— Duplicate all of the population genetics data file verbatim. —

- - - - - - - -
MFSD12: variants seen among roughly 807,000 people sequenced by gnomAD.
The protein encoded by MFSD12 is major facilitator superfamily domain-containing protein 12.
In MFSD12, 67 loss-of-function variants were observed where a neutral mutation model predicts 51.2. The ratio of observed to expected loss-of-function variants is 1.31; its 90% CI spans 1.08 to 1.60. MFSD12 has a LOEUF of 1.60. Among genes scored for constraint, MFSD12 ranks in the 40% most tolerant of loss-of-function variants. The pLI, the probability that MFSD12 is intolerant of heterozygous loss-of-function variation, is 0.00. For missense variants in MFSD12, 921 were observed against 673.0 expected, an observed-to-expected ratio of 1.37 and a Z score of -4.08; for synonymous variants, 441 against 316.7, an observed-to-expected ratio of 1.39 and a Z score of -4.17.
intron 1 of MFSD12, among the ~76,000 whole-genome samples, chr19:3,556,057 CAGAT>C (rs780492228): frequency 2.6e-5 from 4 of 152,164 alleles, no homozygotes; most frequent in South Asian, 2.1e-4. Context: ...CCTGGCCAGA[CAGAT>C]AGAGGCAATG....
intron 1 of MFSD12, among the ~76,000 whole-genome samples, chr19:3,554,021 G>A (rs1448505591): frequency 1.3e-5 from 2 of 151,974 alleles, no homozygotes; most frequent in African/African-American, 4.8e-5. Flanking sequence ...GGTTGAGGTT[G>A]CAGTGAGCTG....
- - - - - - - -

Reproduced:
MFSD12: variants seen among roughly 807,000 people sequenced by gnomAD.
The protein encoded by MFSD12 is major facilitator superfamily domain-containing protein 12.
In MFSD12, 67 loss-of-function variants were observed where a neutral mutation model predicts 51.2. The ratio of observed to expected loss-of-function variants is 1.31; its 90% CI spans 1.08 to 1.60. MFSD12 has a LOEUF of 1.60. Among genes scored for constraint, MFSD12 ranks in the 40% most tolerant of loss-of-function variants. The pLI, the probability that MFSD12 is intolerant of heterozygous loss-of-function variation, is 0.00. For missense variants in MFSD12, 921 were observed against 673.0 expected, an observed-to-expected ratio of 1.37 and a Z score of -4.08; for synonymous variants, 441 against 316.7, an observed-to-expected ratio of 1.39 and a Z score of -4.17.
intron 1 of MFSD12, among the ~76,000 whole-genome samples, chr19:3,556,057 CAGAT>C (rs780492228): frequency 2.6e-5 from 4 of 152,164 alleles, no homozygotes; most frequent in South Asian, 2.1e-4. Context: ...CCTGGCCAGA[CAGAT>C]AGAGGCAATG....
intron 1 of MFSD12, among the ~76,000 whole-genome samples, chr19:3,554,021 G>A (rs1448505591): frequency 1.3e-5 from 2 of 151,974 alleles, no homozygotes; most frequent in African/African-American, 4.8e-5. Flanking sequence ...GGTTGAGGTT[G>A]CAGTGAGCTG....